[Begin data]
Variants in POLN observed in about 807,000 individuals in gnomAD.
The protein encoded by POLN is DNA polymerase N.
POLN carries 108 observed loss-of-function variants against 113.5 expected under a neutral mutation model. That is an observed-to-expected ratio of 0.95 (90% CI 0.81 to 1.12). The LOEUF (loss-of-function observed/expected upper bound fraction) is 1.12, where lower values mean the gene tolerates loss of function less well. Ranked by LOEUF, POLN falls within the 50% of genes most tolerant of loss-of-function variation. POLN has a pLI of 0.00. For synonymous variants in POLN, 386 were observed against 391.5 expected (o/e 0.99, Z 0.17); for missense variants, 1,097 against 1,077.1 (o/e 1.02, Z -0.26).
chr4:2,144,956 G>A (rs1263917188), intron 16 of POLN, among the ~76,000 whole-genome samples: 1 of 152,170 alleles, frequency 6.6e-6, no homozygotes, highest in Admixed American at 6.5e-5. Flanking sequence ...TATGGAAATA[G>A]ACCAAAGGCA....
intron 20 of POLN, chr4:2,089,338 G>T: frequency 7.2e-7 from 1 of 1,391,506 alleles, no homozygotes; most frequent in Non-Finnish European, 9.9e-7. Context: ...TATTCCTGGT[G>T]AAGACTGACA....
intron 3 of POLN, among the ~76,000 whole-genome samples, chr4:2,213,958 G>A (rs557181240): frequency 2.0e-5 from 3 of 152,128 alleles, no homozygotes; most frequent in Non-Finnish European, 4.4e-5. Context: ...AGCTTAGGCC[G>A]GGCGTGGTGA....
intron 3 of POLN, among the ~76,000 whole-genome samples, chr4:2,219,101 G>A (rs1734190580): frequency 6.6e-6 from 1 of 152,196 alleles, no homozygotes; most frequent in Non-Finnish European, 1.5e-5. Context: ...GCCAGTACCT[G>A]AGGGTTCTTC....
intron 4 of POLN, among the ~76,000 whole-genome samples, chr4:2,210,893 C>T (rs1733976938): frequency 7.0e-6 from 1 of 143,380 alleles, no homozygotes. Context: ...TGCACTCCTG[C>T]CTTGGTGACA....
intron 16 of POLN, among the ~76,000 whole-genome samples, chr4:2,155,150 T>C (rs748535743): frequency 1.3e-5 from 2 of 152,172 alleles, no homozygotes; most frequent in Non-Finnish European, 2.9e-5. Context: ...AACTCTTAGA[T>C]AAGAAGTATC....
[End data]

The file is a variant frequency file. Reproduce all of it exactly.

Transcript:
Variants in POLN observed in about 807,000 individuals in gnomAD.
The protein encoded by POLN is DNA polymerase N.
POLN carries 108 observed loss-of-function variants against 113.5 expected under a neutral mutation model. That is an observed-to-expected ratio of 0.95 (90% CI 0.81 to 1.12). The LOEUF (loss-of-function observed/expected upper bound fraction) is 1.12, where lower values mean the gene tolerates loss of function less well. Ranked by LOEUF, POLN falls within the 50% of genes most tolerant of loss-of-function variation. POLN has a pLI of 0.00. For synonymous variants in POLN, 386 were observed against 391.5 expected (o/e 0.99, Z 0.17); for missense variants, 1,097 against 1,077.1 (o/e 1.02, Z -0.26).
chr4:2,144,956 G>A (rs1263917188), intron 16 of POLN, among the ~76,000 whole-genome samples: 1 of 152,170 alleles, frequency 6.6e-6, no homozygotes, highest in Admixed American at 6.5e-5. Flanking sequence ...TATGGAAATA[G>A]ACCAAAGGCA....
intron 20 of POLN, chr4:2,089,338 G>T: frequency 7.2e-7 from 1 of 1,391,506 alleles, no homozygotes; most frequent in Non-Finnish European, 9.9e-7. Context: ...TATTCCTGGT[G>T]AAGACTGACA....
intron 3 of POLN, among the ~76,000 whole-genome samples, chr4:2,213,958 G>A (rs557181240): frequency 2.0e-5 from 3 of 152,128 alleles, no homozygotes; most frequent in Non-Finnish European, 4.4e-5. Context: ...AGCTTAGGCC[G>A]GGCGTGGTGA....
intron 3 of POLN, among the ~76,000 whole-genome samples, chr4:2,219,101 G>A (rs1734190580): frequency 6.6e-6 from 1 of 152,196 alleles, no homozygotes; most frequent in Non-Finnish European, 1.5e-5. Context: ...GCCAGTACCT[G>A]AGGGTTCTTC....
intron 4 of POLN, among the ~76,000 whole-genome samples, chr4:2,210,893 C>T (rs1733976938): frequency 7.0e-6 from 1 of 143,380 alleles, no homozygotes. Context: ...TGCACTCCTG[C>T]CTTGGTGACA....
intron 16 of POLN, among the ~76,000 whole-genome samples, chr4:2,155,150 T>C (rs748535743): frequency 1.3e-5 from 2 of 152,172 alleles, no homozygotes; most frequent in Non-Finnish European, 2.9e-5. Context: ...AACTCTTAGA[T>C]AAGAAGTATC....